OXFORD, England (Thomson Reuters Foundation) – Around the world, “almost every government is vacuuming up any data you send through the net,” warns Jim Fruchterman, chief executive of Benetech, a California non-profit group that aims to use technology to create positive social change.
Sometimes that data is used for good, by for instance tracking and treating disease outbreaks or helping get assistance to people displaced by disasters, he and other data experts say.
But it can also present huge risks. Uganda’s government, which last December passed a law making homosexual sex a criminal offence punishable by up to life in prison, has sought out information online identifying people as gay or lesbian, then outed them to their landlords or their families, putting lives at risk in a country where homosexual activists have been murdered, Fruchterman said.
In cases where governments gather data on sensitive issues from sexual orientation to HIV/AIDS status, there’s “a risk of being victimised in the future, if not by the current government then a future government,” the Palo Alto technology entrepreneur said during a discussion on “big data” at the Skoll World Forum on Social Enterpreneurship in Oxford this week.
As non-governmental organisations and social enterprises gather data on the communities and people they help, they need to be keenly aware that “we should treat other people’s data the way we want our data treated,” he said.
Finding the right balance between privacy and effective intervention can be particularly tricky, data experts warned.
After the 2011 Fukushima earthquake, tsunami and nuclear power plant meltdown in Japan, an aid group working with disabled and blind people in the area went to mobile phone companies to extract data on the electronic “pings” of their clients’ phones, to try to track where they had fled or what had happened to them, and get them support and help, said Kenn Cukier, data editor for The Economist.
But the phone companies refused to provide the data, saying it would compromise the privacy of the phone users – a decision in line with the company’s rules but probably “against the interests of the individuals,” Cukier said.
These days, “we need a new maturity in how we use data,” he said. “You can’t just say let’s keep it aggregated and never disaggregate it. It depends on the case.”
How much data is out there these days? “Google has every keystroke ever put into Google,” said Larry Brilliant, president of the Skoll Global Threats Fund. Tracking an individual’s gender, sexual orientation, even details like whether they smoke or are truanting from school, is now relatively simple for those with access to their Facebook account. Everyone, from governments and militaries to businesses, is amassing huge amounts of data on individuals.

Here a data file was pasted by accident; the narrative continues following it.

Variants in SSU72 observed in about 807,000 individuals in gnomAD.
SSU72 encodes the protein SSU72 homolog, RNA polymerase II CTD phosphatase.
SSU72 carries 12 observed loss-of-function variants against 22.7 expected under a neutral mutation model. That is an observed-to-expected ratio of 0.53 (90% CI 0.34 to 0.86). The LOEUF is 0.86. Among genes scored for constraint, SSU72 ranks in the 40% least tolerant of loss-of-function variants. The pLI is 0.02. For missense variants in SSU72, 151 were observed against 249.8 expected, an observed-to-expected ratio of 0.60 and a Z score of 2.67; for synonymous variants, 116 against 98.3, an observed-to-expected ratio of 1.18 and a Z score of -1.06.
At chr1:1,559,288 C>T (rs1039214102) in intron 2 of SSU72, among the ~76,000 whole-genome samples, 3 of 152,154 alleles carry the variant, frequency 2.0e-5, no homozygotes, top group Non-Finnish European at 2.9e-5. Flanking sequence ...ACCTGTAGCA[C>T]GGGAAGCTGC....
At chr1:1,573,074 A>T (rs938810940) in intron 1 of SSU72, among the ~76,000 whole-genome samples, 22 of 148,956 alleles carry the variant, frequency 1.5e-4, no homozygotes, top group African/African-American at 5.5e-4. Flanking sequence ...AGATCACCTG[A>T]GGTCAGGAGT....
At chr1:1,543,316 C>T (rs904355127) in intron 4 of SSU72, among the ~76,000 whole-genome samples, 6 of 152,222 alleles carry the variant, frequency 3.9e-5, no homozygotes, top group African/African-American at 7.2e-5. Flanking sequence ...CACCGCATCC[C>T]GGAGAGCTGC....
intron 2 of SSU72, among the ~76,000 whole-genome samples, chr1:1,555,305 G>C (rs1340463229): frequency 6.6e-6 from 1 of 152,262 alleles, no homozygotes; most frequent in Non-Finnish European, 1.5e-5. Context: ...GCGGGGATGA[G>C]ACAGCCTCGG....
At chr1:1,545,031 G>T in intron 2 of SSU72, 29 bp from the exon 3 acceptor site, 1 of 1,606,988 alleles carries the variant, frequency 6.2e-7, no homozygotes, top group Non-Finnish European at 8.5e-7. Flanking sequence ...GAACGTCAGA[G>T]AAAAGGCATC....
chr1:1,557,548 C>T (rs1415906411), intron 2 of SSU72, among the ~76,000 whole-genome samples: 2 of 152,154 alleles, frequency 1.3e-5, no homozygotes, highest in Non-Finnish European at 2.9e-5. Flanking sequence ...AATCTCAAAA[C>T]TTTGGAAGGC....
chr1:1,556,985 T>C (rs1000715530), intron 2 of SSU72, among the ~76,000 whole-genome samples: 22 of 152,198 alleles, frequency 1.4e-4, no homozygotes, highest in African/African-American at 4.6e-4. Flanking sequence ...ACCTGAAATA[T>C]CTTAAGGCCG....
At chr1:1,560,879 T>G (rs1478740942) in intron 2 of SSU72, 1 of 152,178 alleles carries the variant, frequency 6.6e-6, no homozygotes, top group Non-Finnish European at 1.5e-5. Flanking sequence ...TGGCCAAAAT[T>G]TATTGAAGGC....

That is leading to calls for greater privacy, and limits on data collection and use. But getting the balance right is difficult, the experts said.
Collecting and analyzing electronic patient records, for instance, could improve healthcare and lower costs – but inherently violates privacy, Cukier noted.
Increasingly, in the balance between privacy and effective use of data, “you have to sacrifice one to get the other. There’s going to be a winner and a loser,” he said.
To deal with that, people should be given the choice of opting out of data sets, he said. But too many people opting out reduces the accuracy and value of the data, and “there’s no obvious way to resolve the two.”
Still, opt-in data can work. A “Flu Near You” project in the United States, Australia and the Netherlands asks volunteer users to report their health status every week, and by aggregating the information health experts are beginning to see patterns in the spread of flu that could ultimately be useful in predicting the spread of flu pandemics, Cukier said.
“The key is (to be) totally above board, open source, opt-in and voluntary,” he said. “Maybe that’s a good lesson we can take from all the (surveillance whistleblower Edward) Snowden stuff.”